- Heb 8:1-5, quoting Ex 25:9; 9:11, emphasis added. See also Acts 7:44
- e.g. Heb 8:5-9:21
- Lev 23:40-43
- A labourer earned a denarius a day (Matt 20:2)
- Ex 30:12-16, emphasis added
- Ex 38:25-28. The 100 talents became the foundation and the remaining 1,775 shekels were made into hooks, tops, and bands on the pillars.
- Matt 20:28
- 1 Pet 1:18-19
- Ex 26:19-25
- 1 Pet 1:7, Rev 3:18
- Psa 12:6
- Num 10:2
- Deut 8:3
- Matt 18:16
- Ruth 4:1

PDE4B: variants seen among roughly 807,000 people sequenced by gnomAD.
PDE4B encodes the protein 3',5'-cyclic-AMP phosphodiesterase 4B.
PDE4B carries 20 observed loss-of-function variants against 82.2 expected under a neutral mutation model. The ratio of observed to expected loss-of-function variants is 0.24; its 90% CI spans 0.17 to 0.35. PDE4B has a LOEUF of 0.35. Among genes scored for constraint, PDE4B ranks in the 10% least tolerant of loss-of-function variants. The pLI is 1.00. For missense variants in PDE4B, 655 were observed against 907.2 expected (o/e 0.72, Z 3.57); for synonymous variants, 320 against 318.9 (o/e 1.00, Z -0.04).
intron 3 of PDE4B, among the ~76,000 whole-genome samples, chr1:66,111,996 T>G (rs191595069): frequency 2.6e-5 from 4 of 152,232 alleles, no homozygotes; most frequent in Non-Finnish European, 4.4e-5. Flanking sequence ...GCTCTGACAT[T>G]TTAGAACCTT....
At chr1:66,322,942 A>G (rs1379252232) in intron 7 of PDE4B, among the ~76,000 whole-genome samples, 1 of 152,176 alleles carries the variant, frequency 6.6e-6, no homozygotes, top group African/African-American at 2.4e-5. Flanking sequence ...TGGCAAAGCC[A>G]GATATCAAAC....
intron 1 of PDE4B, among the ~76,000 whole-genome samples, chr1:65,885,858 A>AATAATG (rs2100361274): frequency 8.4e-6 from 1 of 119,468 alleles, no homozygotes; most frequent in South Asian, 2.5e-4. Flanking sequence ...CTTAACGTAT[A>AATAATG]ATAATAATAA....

- Deut 17:5, 22:15, 25:7, Prov 31:23, Zech 8:16
- Prov 1:21
- Prov 8:3
- Isa 3:26
- Jer 14:2
- e.g. Jesus’ teaching about Lazarus and the rich man (Luke 16:19-31)
- Psa 9:13, 107:18
- Job 38:17
- Eph 4:9
- Rom 10:7
- Rev 9:1-11, 20:3 & 7; Luke 8:31
- Josephus: ‘a dark cave opens itself; within which there is an horrible precipice, that descends abruptly to a vast depth; it contains a mighty quantity of water, which is immovable; and when any body lets down any thing to measure the depth of the earth beneath the water, no length of cord is sufficient to reach it’ (Wars, I, 21:3)
- Eph 6:12
- Ezek 28:12
- 2 Cor 11:3
- 2 Cor 2:11
- 2 Cor 4:4, emphasis added
- Col 1:15
- Rom 10:9-13, emphasis added
- 2 Cor 11:3
- Matt 4:1-11